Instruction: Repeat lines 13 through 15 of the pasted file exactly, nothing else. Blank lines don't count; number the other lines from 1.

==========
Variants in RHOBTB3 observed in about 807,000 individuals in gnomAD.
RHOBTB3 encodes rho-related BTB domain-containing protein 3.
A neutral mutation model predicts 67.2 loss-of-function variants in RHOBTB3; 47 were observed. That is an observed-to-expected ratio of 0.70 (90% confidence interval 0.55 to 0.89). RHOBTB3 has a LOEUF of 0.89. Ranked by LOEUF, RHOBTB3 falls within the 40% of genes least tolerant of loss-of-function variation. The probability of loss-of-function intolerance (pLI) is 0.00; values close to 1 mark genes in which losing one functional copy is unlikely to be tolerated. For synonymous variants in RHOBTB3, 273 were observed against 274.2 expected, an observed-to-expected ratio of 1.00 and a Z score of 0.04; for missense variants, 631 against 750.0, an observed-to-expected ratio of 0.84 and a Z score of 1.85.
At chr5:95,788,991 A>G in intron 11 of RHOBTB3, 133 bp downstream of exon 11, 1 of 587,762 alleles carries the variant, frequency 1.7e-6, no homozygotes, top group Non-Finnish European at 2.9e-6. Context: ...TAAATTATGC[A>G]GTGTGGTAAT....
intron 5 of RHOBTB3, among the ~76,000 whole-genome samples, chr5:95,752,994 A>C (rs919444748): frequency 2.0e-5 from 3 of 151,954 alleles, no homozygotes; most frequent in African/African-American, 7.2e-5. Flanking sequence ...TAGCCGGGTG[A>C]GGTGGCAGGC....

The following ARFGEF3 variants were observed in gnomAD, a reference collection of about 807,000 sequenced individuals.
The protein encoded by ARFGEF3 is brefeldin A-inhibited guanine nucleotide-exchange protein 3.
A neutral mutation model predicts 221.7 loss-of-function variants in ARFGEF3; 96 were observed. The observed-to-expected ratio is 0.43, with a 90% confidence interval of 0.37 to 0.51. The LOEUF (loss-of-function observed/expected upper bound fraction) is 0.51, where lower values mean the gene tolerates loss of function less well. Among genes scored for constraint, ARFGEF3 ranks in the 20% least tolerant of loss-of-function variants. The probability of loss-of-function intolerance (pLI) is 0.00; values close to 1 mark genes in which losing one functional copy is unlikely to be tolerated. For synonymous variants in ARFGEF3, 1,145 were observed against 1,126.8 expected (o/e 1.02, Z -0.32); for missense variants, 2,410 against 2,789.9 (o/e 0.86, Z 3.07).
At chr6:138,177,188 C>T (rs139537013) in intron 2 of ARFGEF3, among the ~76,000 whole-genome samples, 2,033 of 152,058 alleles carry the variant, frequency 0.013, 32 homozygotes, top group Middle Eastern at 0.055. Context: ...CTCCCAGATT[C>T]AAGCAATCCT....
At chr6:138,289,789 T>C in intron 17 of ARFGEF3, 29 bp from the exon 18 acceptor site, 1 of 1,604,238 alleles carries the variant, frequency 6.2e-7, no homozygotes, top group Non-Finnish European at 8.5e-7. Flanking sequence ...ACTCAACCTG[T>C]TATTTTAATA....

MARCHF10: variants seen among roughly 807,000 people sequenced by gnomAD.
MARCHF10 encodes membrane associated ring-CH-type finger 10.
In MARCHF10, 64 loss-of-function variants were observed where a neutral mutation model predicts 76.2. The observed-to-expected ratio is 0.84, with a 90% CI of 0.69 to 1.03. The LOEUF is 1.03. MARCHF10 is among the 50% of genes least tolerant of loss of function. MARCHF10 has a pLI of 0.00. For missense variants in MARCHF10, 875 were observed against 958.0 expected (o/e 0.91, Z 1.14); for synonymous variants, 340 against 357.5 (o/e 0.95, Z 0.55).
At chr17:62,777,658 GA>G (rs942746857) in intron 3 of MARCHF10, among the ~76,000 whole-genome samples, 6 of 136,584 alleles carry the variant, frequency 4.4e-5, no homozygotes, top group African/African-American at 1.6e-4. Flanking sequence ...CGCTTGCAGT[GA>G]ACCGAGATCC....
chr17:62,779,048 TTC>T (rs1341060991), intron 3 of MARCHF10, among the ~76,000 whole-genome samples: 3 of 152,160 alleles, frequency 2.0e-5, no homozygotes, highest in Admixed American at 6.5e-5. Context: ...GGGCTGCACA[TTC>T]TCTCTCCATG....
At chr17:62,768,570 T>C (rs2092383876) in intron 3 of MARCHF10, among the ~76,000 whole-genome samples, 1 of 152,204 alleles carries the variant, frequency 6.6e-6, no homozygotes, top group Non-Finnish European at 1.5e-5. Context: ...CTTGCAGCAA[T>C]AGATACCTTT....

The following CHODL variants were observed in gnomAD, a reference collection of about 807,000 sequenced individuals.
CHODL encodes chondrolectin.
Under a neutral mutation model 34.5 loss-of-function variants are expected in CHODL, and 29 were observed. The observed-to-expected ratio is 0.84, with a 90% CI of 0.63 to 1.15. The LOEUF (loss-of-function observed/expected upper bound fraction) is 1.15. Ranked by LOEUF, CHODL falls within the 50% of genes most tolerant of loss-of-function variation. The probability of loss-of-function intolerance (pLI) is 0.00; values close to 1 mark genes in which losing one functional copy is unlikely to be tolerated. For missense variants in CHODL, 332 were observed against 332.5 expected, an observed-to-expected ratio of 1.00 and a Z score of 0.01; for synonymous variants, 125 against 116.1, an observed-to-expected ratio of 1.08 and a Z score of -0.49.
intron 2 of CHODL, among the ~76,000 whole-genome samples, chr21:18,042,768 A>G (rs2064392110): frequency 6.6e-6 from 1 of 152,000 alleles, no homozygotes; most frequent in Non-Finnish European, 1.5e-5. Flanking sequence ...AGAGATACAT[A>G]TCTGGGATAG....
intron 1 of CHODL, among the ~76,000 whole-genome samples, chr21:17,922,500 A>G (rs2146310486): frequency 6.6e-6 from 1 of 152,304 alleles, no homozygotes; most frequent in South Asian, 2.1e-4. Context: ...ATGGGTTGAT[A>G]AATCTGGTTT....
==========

In MARCHF10, 64 loss-of-function variants were observed where a neutral mutation model predicts 76.2. The observed-to-expected ratio is 0.84, with a 90% CI of 0.69 to 1.03. The LOEUF is 1.03. MARCHF10 is among the 50% of genes least tolerant of loss of function. MARCHF10 has a pLI of 0.00. For missense variants in MARCHF10, 875 were observed against 958.0 expected (o/e 0.91, Z 1.14); for synonymous variants, 340 against 357.5 (o/e 0.95, Z 0.55).
At chr17:62,777,658 GA>G (rs942746857) in intron 3 of MARCHF10, among the ~76,000 whole-genome samples, 6 of 136,584 alleles carry the variant, frequency 4.4e-5, no homozygotes, top group African/African-American at 1.6e-4. Flanking sequence ...CGCTTGCAGT[GA>G]ACCGAGATCC....
chr17:62,779,048 TTC>T (rs1341060991), intron 3 of MARCHF10, among the ~76,000 whole-genome samples: 3 of 152,160 alleles, frequency 2.0e-5, no homozygotes, highest in Admixed American at 6.5e-5. Context: ...GGGCTGCACA[TTC>T]TCTCTCCATG....